...

The let constant may not even be stored in a single place; if it's known to be constant it can be in-lined at the point of use and potentially unpacked and dead code elimination throw away the unused members, for example.

If you want to pass in a let constant into the pointer, you can create a copy of it locally in a local variable and then use that instead. However this will be in the local scope, so the pointer isn't valid after it returns.

Ah, so this brings up another issue, then. Many of the calls in the C library take a pointer to some memory and hang on to it, filling it in at a later point (they make network requests). I've been doing it like this, and it's been working, but I wonder if this is fragile:

class
MyClass
{
  func
  execute()
  {
      self.dataBuffer = Data(count: kLGSImageDataSize)
      precondition(self.dataBuffer != nil, "Unable to allocate image buffer (\(kLGSImageDataSize) bytes)")

      var params = c_library_params_t()
      params.data_capacity = self.dataBuffer!.count

      self.dataBuffer?.withUnsafeMutableBytes
          { (inBuffer) -> Void in
              // This call returns immediately, but assumes
              // it can write to inBuffer later…

              self.request = c_library_call(&params, inBuffer)
          }

      if self.request == nil
      {
          // Error
      }
  }

  var dataBuffer: Data?
}

--
Rick Mann
rmann@latencyzero.com


(Rien) #13

You will need to take full control over allocation and deallocation.

Here is a piece of code from my project SwifterSockets (on github, see the link in my signature)

public func tipReceiverLoop(
    socket: Int32,
    bufferSize: Int,
    duration: TimeInterval,
    receiver: ReceiverProtocol?) {
    
...
    
    // Allocate the data buffer
    
    let buffer = UnsafeMutableRawPointer.allocate(bytes: bufferSize, alignedTo: 1)
    
    // ===============================================================================
    // This loop stays active as long as the consumer wants more and no error occured.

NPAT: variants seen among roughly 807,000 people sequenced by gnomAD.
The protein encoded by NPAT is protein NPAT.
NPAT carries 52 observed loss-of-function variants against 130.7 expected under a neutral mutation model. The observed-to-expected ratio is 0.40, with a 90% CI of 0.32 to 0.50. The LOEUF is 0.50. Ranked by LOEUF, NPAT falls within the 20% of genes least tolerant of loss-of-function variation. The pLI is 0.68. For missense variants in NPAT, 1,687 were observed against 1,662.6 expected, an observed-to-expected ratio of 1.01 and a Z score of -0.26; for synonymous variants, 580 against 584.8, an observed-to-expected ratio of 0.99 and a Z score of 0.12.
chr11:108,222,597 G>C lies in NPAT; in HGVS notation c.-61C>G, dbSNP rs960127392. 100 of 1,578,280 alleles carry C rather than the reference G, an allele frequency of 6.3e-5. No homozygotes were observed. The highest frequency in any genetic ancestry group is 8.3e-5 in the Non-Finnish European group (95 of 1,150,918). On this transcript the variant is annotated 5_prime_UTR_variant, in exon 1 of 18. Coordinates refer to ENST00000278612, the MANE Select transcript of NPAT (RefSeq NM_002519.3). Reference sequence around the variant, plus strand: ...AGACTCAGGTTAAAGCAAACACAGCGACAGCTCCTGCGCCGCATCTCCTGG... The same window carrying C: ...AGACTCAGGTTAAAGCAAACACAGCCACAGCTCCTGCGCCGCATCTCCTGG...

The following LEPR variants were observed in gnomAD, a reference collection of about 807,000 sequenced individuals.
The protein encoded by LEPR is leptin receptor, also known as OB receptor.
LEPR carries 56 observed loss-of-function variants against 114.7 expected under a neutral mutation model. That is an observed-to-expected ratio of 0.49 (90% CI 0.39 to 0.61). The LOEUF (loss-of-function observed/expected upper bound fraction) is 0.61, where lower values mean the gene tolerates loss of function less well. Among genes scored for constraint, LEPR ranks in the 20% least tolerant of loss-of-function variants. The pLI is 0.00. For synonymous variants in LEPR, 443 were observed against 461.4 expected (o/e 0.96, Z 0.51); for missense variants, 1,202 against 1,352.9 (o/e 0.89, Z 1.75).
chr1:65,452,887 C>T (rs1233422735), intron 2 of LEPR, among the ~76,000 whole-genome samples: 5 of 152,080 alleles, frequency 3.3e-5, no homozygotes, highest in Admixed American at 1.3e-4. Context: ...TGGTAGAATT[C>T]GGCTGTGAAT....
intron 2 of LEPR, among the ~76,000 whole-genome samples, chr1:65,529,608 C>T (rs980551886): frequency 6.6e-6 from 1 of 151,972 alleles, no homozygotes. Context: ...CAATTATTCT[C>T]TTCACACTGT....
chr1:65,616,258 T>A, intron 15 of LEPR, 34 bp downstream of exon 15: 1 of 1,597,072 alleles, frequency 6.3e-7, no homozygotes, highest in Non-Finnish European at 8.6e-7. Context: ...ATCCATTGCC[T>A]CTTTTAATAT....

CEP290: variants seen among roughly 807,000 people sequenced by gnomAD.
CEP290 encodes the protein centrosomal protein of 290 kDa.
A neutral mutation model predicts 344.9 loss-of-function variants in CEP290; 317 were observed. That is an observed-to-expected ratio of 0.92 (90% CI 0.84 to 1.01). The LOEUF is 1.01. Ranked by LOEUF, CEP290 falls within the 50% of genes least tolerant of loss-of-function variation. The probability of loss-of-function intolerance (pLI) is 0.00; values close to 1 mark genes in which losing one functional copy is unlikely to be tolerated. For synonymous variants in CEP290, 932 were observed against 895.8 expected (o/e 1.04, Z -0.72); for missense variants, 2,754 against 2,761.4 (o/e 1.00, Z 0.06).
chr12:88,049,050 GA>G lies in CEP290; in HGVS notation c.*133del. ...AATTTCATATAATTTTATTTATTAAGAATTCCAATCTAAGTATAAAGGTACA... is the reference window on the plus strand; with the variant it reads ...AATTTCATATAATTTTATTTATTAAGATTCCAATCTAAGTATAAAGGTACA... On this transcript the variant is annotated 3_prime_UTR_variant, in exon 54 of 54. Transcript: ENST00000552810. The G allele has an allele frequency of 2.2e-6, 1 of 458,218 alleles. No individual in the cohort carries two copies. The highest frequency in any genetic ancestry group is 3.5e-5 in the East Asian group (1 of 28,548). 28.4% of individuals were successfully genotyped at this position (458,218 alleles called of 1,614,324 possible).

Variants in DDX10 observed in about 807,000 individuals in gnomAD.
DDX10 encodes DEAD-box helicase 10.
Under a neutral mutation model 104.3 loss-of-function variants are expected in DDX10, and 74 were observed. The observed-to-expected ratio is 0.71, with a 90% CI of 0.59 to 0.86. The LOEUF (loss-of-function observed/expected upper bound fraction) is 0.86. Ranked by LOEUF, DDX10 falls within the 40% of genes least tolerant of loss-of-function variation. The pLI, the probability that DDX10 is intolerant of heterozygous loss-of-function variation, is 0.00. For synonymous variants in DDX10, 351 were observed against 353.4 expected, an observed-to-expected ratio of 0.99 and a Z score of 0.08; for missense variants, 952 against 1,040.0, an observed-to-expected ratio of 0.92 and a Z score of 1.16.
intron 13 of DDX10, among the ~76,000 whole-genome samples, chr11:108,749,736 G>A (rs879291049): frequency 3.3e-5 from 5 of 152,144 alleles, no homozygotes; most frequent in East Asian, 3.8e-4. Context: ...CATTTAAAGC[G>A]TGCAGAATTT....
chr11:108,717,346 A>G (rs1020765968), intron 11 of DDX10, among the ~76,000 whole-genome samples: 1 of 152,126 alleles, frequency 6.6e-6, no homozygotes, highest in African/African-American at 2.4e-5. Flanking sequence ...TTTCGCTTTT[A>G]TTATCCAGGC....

// ===============================================================================
    
    var cont = true
    repeat {
        
...
        // ================================================
        // Wait until select signals incoming data activity
        // ================================================
        
        let selres = waitForSelect(socket: socket, timeout: timeout, forRead: true, forWrite: false)
        
        switch selres {
            
...
        case .ready:
            
            // =============
            // Call the recv
            // =============
            
            let bytesRead = Darwin.recv(socket, buffer.assumingMemoryBound(to: UInt8.self), bufferSize, 0)
            
            switch bytesRead {
                
...
            case 1 ... Int.max: // Callback for the received data
                cont = receiver?.receiverData(UnsafeBufferPointer<UInt8>(start: buffer.assumingMemoryBound(to: UInt8.self), count: bytesRead)) ?? true
                
... }
        }
        
    } while cont
    
    // Deallocate the data buffer
    
    buffer.deallocate(bytes: bufferSize, alignedTo: 1)
}

Regards,
Rien

Site: http://balancingrock.nl
Blog: http://swiftrien.blogspot.com
Github: http://github.com/Balancingrock
Project: http://swiftfire.nl - A server for websites build in Swift

···

On 28 Apr 2017, at 08:02, Rick Mann <rmann@latencyzero.com> wrote:

Yeah, okay. So: how do I do this in a way that is safe?

--
Rick Mann
rmann@latencyzero.com

On Apr 27, 2017, at 23:00, Rien <Rien@Balancingrock.nl> wrote:

To address your question:

https://developer.apple.com/reference/foundation/data/1779823-withunsafemutablebytes

"Warning
The byte pointer argument should not be stored and used outside of the lifetime of the call to the closure."

Which is exactly what you are doing, hence the code is unsafe (no pun intended).

Regards,
Rien

Site: http://balancingrock.nl
Blog: http://swiftrien.blogspot.com
Github: http://github.com/Balancingrock
Project: http://swiftfire.nl - A server for websites build in Swift

On 28 Apr 2017, at 01:38, Rick Mann <rmann@latencyzero.com> wrote:

On Apr 27, 2017, at 01:48 , Alex Blewitt <alblue@apple.com> wrote:

...

The let constant may not even be stored in a single place; if it's known to be constant it can be in-lined at the point of use and potentially unpacked and dead code elimination throw away the unused members, for example.

If you want to pass in a let constant into the pointer, you can create a copy of it locally in a local variable and then use that instead. However this will be in the local scope, so the pointer isn't valid after it returns.

Ah, so this brings up another issue, then. Many of the calls in the C library take a pointer to some memory and hang on to it, filling it in at a later point (they make network requests). I've been doing it like this, and it's been working, but I wonder if this is fragile:

class
MyClass
{
func
execute()